To finish off the week we make a visit to the Mason Collection. What a great variety of brushes, I wonder can we identify all the different uses? In the 1911 Census there are 337 people with "brush" as part of the description of their occupation. These included: Brush Maker, Brush Finisher, Brush Drawer, Brush Trade, Brush Manufacturer, Brush Washer, Brush Merchant, Brush Borer and Brush Traveler. While I'm not sure what a "Brush Traveler" may have done, does the "St Louis - 1904" signage suggest that these particular brushes went on a journey?
This particular Mary must admit to knowing nothing of I.S Varian & Co, brushmakers - before today's researches that is. Particularly striking is the longevity of the business. First founded in Cork in 1798
, the company was based from Dublin's Talbot Street since 1856
- and still operating from Walkinstown into the 21st century
. They had upwards of 360 employees in the 1940s - some of whom continued an interesting employee renunion tradition
on unique dates (4/4/1944, 5/5/1955, etc) - until recent decades. The other interesting thing (clearly) about the business were the displays of their wares. Including their display at the 1904 St Louis Worlds Fair
. Given the mention of St Louis and 1904 in this particular display, it seems likely that (though probably not from the St Louis exhibition), our image dates from after this time. Perhaps 1904 - plus a few years...
Collection: Mason Photographic Collection
Date: Catalogue range c.1890-1910. Likely after c.1904.
NLI Ref: M13/14
You can also view this image, and many thousands of others, on the NLI’s catalogue at catalogue.nli.ie
Owner: National Library of Ireland on The Commons
Source: Flickr Commons
Congratulation for your beautiful Album.
wonderful symmetrical design!
The Irish Times had an article in 2005 about the history of Varian Brushes.
They seem to like interesting displays - you can just make out their display on the left below: https://www.flickr.com/photos/nlireland/6308720554
The World's Fair was in St. Louis in 1904, so that may explain the reference.
An article showing the significance of St Louis 1904.
Varian are listed in the "Irish Industrial Exhibition" for the St. Louis World's Fair.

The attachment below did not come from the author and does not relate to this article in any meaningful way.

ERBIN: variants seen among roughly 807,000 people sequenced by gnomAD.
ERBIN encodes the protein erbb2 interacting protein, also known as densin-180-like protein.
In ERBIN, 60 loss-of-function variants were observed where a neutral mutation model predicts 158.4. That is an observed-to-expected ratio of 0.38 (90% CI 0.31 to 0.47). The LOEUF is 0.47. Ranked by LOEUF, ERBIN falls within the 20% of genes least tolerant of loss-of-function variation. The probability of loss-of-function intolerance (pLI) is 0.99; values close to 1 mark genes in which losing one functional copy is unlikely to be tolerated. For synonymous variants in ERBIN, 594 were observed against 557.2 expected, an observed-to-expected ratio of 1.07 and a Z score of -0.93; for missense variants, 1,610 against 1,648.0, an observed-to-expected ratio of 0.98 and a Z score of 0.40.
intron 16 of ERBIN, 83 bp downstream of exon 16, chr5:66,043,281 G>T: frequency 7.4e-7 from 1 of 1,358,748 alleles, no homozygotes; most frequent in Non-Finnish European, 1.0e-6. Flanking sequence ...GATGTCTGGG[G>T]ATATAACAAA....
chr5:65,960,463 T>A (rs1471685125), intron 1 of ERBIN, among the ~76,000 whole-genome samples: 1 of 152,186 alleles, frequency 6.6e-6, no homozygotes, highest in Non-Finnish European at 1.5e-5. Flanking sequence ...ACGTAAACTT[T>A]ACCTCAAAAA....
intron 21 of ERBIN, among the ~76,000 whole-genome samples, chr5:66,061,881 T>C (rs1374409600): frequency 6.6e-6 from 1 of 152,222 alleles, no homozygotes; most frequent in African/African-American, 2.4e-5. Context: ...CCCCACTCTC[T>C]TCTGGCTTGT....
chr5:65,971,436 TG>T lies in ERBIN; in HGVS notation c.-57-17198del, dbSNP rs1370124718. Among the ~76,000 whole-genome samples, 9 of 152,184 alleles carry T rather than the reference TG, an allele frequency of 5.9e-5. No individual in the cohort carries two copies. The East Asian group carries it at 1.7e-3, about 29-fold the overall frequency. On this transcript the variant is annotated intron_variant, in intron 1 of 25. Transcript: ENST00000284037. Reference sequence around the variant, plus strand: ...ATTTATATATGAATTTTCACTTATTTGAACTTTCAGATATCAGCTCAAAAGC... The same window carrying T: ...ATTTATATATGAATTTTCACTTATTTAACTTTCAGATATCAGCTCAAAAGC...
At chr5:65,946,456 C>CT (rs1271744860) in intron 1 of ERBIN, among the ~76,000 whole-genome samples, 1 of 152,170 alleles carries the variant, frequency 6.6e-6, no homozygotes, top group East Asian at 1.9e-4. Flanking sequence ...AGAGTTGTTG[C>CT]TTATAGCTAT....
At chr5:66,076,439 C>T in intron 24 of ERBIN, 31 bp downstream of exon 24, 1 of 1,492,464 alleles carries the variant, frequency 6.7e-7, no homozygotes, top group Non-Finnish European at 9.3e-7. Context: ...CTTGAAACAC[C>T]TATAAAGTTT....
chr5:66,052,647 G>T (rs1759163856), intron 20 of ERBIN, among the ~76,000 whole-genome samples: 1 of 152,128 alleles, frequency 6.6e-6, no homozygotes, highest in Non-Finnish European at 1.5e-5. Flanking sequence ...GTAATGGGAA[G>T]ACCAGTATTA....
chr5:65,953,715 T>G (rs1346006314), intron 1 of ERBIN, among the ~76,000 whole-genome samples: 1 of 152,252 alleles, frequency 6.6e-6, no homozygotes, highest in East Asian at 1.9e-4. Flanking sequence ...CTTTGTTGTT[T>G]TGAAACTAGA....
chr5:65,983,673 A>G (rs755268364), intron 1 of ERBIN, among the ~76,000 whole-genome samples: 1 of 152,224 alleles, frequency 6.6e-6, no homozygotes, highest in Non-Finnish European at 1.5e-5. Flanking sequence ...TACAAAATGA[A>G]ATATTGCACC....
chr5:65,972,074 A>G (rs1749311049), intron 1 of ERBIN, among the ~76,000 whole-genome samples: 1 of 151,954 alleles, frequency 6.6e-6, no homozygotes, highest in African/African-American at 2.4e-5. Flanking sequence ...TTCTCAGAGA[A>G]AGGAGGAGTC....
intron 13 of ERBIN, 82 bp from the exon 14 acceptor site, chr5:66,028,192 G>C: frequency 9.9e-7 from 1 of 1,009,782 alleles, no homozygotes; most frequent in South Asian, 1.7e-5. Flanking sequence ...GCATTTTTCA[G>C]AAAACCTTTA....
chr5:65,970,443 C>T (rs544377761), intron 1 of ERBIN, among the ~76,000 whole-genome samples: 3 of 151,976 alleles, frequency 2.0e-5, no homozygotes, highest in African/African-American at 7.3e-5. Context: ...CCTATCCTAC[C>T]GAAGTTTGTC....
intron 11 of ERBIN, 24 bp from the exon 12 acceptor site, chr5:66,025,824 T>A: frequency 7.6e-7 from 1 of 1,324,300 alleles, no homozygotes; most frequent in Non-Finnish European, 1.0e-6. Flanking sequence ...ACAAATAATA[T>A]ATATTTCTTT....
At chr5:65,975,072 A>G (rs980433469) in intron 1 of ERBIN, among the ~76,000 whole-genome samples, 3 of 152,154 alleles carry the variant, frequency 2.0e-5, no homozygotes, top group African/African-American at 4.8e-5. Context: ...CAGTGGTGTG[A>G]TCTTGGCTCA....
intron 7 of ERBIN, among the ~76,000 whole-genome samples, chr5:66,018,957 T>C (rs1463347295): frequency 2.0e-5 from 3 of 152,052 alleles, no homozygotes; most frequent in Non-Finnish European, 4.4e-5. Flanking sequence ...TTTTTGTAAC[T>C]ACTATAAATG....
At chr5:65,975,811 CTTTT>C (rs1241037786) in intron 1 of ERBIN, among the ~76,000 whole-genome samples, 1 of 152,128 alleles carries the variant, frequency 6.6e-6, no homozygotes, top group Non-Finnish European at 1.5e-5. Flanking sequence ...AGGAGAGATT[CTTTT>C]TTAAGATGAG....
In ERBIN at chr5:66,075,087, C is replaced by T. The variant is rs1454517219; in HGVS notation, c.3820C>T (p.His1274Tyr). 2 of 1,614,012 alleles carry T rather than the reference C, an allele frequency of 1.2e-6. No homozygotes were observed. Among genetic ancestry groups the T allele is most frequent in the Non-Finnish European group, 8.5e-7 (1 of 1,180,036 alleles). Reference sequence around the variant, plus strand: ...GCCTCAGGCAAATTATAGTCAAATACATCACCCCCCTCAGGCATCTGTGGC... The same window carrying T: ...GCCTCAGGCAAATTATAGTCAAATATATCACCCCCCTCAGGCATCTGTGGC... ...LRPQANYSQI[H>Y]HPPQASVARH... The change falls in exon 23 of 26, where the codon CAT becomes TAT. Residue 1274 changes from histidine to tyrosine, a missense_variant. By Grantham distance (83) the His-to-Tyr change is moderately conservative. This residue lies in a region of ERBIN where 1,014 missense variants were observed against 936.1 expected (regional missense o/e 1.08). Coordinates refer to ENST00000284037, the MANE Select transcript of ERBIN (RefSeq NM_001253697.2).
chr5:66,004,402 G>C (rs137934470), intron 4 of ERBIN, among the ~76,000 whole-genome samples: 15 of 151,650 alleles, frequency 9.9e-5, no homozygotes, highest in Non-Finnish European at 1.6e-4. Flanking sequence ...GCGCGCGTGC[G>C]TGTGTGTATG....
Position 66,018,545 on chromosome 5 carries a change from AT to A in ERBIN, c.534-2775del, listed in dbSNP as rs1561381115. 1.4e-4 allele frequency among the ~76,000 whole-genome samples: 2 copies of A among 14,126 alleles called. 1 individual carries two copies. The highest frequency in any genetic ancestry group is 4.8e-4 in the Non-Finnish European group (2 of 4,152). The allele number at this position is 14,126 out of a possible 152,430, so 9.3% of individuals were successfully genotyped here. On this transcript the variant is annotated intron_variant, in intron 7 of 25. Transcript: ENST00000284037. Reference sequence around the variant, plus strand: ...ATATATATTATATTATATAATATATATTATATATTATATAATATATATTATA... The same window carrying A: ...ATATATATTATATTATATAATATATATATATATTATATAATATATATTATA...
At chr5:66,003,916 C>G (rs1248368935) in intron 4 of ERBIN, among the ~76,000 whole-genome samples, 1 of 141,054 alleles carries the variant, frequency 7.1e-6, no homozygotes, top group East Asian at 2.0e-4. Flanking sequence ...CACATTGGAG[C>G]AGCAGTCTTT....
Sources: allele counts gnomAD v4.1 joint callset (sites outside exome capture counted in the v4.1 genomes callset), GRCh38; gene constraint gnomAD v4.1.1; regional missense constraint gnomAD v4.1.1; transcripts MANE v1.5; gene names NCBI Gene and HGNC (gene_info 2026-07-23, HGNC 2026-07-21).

We had a hardback collection of American newspaper cartoons (from the 50s) when I was small called "Honey, I'm Home!", and I seem to remember the door-to-door brush salesman was a stock character.
Today, everything is Made-in-China, in factories resembling slave ships, for slave wages, populated by Chinese ethnic minorities and the under-educated, whom do not even rate as second class citizens.
John A. Coffey
See distemper brushes there , they are used for white washing old cottages, and would travel from neighbour to neighbour, when finished washed and hung in the shed until another fine day.
On the subject of brushes, mechanical hair brushes in Newry www.flickr.com/photos/nlireland/10958329045/in/photolist-...
https://www.flickr.com/photos/scorbet Another variation on the Varian brush display, at the International Exhibition in Herbert Park in 1907, reported by Freeman's Journal on 29 April 1907I do hope there's a photo somewhere.
Which sounds nothing like their display at the end of the exhibition (Weekly Irish Times - Saturday 09 November 1907)
In 1911 we had Walter Amos Varian (aged 60) living either above or next to the factory in Talbot Street. (I can't help but note that he was an agnostic!) The rest of the family involved with brushes seem to be based in Blackrock, Stillorgan and Dalkey.
Isaac Stephen Varian and Ralph Varian were active promoters of the national movement and they both spent time in Cork City Gaol. Their time there was not without controversy as the following newspaper extract from the end of August shows “A FELONIOUS PIE. _ On Thursday a large meat pie, smoking from the oven, was presented at the city gaol, by a servant of the Messrs. Varian, of Patrick street, to be given to Isaac Stephen and Ralph Varian……. the searcher pierced it with a long needle, and finding it contained something hard, lifted the crust and discovered a bottle. On drawing a cork, it was found to enclose 5 or 6 letters and scraps of newspapers… some of the contents of one of the letters was revealed … The bottle and its contents have been retained by the authorities. The pie was given to the prisoners.”
Blessed are the brushmakers (or is it cheesemakers?)
Ooooh! Another one of their displays - including a boar's head! There are also a few pictures of staff working inside the factory.
Ahhhh, back when sign painting was appreciated!
Yes, 1904 was the Louisiana Purchase Centennial Exhibition. Ireland had a village there, I assume the Brush Man was a part of it. archiseek.com/2012/1904-irish-village-st-louis-worlds-fair/
Varian is still around apparently. www.irishtimes.com/business/commercial-property/brush-mak...
Three Éires and one Erin?
National Library of Ireland on The Commons
Amazing stuff all! I had a it of fun following the threads of discussion on this one. Including this thread about a lovely tradition of employee reunions. Thanks everyone for the inputs on this one :)